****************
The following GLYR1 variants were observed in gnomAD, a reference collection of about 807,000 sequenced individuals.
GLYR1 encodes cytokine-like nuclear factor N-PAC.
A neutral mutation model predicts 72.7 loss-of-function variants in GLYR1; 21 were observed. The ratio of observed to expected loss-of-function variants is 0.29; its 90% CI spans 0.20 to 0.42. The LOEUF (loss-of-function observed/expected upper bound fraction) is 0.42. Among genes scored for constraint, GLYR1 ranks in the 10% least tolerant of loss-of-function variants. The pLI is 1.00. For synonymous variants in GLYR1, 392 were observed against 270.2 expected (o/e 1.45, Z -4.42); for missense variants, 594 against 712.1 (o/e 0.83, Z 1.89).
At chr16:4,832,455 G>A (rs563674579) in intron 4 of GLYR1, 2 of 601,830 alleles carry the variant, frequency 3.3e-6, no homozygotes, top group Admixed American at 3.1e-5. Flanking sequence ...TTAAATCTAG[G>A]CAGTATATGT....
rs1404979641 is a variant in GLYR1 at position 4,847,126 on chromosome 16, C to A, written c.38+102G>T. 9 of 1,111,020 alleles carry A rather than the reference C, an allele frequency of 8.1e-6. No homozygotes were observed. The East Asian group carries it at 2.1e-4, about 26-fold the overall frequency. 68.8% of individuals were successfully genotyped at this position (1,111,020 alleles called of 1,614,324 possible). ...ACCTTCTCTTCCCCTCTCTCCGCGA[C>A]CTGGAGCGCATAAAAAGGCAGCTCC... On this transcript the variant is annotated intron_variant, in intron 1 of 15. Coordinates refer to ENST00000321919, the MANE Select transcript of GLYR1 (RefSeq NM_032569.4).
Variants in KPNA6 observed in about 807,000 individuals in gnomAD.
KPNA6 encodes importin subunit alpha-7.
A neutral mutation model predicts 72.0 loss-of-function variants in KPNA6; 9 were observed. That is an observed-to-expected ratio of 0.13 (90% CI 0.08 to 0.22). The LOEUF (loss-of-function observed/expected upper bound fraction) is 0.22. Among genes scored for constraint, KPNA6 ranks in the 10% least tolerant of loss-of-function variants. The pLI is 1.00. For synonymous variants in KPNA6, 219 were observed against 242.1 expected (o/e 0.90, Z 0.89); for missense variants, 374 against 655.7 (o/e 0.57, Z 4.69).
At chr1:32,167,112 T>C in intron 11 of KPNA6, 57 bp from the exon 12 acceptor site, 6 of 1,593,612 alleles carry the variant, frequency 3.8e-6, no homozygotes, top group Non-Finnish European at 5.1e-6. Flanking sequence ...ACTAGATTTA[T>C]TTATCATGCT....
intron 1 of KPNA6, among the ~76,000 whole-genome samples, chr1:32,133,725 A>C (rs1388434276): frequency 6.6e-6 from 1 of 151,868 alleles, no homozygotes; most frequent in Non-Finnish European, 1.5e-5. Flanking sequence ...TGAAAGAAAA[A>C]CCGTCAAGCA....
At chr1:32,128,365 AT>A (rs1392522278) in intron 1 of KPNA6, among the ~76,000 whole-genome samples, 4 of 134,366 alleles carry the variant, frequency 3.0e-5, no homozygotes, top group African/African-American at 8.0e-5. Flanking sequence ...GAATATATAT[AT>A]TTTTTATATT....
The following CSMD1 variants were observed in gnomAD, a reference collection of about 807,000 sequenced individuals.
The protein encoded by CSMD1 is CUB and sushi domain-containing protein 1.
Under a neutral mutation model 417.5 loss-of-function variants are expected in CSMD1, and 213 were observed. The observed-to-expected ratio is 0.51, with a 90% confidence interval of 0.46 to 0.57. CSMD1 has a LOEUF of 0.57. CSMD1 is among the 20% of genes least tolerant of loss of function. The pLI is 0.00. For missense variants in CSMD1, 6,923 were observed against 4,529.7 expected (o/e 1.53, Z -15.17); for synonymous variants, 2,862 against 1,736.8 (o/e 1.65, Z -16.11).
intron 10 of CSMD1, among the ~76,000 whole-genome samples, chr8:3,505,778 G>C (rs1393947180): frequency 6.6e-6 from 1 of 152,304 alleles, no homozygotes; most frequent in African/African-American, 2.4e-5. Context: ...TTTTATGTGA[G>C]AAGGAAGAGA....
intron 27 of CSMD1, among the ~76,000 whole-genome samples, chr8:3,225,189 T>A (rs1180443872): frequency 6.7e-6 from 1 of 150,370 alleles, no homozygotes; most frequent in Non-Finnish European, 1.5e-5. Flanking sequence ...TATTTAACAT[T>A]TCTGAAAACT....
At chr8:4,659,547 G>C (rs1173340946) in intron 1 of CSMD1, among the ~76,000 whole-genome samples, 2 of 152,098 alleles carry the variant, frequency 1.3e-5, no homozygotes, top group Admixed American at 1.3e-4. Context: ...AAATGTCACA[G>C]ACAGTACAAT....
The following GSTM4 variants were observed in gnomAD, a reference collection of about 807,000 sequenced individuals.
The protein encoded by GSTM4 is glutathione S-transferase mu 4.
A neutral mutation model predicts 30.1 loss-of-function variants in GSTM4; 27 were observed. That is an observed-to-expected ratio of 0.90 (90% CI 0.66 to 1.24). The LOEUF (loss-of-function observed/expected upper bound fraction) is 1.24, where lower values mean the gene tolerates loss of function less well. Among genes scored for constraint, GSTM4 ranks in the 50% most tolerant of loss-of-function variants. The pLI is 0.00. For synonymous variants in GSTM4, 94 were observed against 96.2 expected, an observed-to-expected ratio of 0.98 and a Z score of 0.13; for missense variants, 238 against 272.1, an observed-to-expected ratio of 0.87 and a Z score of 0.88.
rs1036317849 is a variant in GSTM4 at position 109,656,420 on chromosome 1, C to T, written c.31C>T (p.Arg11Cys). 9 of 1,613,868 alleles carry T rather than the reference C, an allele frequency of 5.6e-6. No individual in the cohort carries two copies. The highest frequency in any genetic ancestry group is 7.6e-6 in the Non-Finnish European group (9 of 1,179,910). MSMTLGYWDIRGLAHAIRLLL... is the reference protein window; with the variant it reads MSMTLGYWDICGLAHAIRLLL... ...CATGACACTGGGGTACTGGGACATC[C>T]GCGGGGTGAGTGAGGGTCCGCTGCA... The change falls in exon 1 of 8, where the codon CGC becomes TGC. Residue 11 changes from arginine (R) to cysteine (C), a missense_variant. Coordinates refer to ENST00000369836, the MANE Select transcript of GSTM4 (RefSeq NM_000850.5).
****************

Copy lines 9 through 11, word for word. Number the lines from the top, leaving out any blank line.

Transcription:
At chr1:32,167,112 T>C in intron 11 of KPNA6, 57 bp from the exon 12 acceptor site, 6 of 1,593,612 alleles carry the variant, frequency 3.8e-6, no homozygotes, top group Non-Finnish European at 5.1e-6. Flanking sequence ...ACTAGATTTA[T>C]TTATCATGCT....
intron 1 of KPNA6, among the ~76,000 whole-genome samples, chr1:32,133,725 A>C (rs1388434276): frequency 6.6e-6 from 1 of 151,868 alleles, no homozygotes; most frequent in Non-Finnish European, 1.5e-5. Flanking sequence ...TGAAAGAAAA[A>C]CCGTCAAGCA....
At chr1:32,128,365 AT>A (rs1392522278) in intron 1 of KPNA6, among the ~76,000 whole-genome samples, 4 of 134,366 alleles carry the variant, frequency 3.0e-5, no homozygotes, top group African/African-American at 8.0e-5. Flanking sequence ...GAATATATAT[AT>A]TTTTTATATT....